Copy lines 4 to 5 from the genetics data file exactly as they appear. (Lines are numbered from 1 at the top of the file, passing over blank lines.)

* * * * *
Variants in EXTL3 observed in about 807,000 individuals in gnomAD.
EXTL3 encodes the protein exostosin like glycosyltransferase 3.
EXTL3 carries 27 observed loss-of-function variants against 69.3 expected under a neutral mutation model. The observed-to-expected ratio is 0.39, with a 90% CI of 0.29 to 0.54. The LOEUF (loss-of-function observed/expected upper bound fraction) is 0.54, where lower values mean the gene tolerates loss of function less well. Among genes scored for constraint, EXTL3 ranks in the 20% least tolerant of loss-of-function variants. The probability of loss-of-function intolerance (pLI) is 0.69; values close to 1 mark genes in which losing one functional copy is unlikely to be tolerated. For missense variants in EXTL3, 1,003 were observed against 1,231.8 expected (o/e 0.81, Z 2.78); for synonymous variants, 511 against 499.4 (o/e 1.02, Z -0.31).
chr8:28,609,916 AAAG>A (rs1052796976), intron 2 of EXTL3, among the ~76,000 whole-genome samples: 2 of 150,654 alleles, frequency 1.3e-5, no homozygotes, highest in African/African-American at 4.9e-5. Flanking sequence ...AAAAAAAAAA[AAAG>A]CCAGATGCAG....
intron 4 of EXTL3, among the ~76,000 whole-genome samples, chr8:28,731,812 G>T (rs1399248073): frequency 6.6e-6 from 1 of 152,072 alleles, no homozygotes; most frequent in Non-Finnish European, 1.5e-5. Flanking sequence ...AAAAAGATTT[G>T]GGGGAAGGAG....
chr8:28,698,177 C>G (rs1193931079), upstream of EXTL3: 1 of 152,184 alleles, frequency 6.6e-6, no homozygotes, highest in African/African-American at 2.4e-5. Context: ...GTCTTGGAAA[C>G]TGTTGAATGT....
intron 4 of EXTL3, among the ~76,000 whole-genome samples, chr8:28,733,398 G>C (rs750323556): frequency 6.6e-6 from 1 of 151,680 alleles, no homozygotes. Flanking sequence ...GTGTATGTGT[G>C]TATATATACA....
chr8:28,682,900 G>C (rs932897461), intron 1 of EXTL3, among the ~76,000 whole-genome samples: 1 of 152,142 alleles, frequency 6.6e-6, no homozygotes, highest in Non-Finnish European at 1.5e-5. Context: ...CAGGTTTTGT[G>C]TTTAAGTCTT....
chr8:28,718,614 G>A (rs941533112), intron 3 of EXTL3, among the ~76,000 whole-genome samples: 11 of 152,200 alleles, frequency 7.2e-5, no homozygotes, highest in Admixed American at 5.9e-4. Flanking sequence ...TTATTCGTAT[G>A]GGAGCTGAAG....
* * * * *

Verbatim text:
chr8:28,609,916 AAAG>A (rs1052796976), intron 2 of EXTL3, among the ~76,000 whole-genome samples: 2 of 150,654 alleles, frequency 1.3e-5, no homozygotes, highest in African/African-American at 4.9e-5. Flanking sequence ...AAAAAAAAAA[AAAG>A]CCAGATGCAG....
intron 4 of EXTL3, among the ~76,000 whole-genome samples, chr8:28,731,812 G>T (rs1399248073): frequency 6.6e-6 from 1 of 152,072 alleles, no homozygotes; most frequent in Non-Finnish European, 1.5e-5. Flanking sequence ...AAAAAGATTT[G>T]GGGGAAGGAG....